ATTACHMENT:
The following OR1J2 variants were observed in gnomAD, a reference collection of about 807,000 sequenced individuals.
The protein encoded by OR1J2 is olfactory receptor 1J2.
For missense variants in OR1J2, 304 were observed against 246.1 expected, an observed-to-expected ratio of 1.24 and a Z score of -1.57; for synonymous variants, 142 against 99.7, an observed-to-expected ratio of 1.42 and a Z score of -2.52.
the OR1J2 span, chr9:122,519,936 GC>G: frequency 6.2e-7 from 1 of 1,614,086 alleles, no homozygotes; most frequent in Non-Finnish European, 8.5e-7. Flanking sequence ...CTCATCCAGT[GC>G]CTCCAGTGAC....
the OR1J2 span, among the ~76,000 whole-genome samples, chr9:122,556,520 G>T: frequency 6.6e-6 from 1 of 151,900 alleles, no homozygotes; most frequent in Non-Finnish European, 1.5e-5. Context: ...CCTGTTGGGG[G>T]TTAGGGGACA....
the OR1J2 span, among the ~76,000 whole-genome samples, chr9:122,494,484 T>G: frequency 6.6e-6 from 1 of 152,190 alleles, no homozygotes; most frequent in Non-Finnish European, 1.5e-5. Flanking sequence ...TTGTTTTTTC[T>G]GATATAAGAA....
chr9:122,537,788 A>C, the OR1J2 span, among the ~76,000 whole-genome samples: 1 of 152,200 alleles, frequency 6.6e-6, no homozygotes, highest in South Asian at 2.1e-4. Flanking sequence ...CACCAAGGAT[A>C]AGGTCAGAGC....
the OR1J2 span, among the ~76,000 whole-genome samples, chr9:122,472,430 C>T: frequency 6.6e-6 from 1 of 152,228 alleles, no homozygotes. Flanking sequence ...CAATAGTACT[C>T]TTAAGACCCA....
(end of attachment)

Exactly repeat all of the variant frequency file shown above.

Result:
The following OR1J2 variants were observed in gnomAD, a reference collection of about 807,000 sequenced individuals.
The protein encoded by OR1J2 is olfactory receptor 1J2.
For missense variants in OR1J2, 304 were observed against 246.1 expected, an observed-to-expected ratio of 1.24 and a Z score of -1.57; for synonymous variants, 142 against 99.7, an observed-to-expected ratio of 1.42 and a Z score of -2.52.
the OR1J2 span, chr9:122,519,936 GC>G: frequency 6.2e-7 from 1 of 1,614,086 alleles, no homozygotes; most frequent in Non-Finnish European, 8.5e-7. Flanking sequence ...CTCATCCAGT[GC>G]CTCCAGTGAC....
the OR1J2 span, among the ~76,000 whole-genome samples, chr9:122,556,520 G>T: frequency 6.6e-6 from 1 of 151,900 alleles, no homozygotes; most frequent in Non-Finnish European, 1.5e-5. Context: ...CCTGTTGGGG[G>T]TTAGGGGACA....
the OR1J2 span, among the ~76,000 whole-genome samples, chr9:122,494,484 T>G: frequency 6.6e-6 from 1 of 152,190 alleles, no homozygotes; most frequent in Non-Finnish European, 1.5e-5. Flanking sequence ...TTGTTTTTTC[T>G]GATATAAGAA....
chr9:122,537,788 A>C, the OR1J2 span, among the ~76,000 whole-genome samples: 1 of 152,200 alleles, frequency 6.6e-6, no homozygotes, highest in South Asian at 2.1e-4. Flanking sequence ...CACCAAGGAT[A>C]AGGTCAGAGC....
the OR1J2 span, among the ~76,000 whole-genome samples, chr9:122,472,430 C>T: frequency 6.6e-6 from 1 of 152,228 alleles, no homozygotes. Flanking sequence ...CAATAGTACT[C>T]TTAAGACCCA....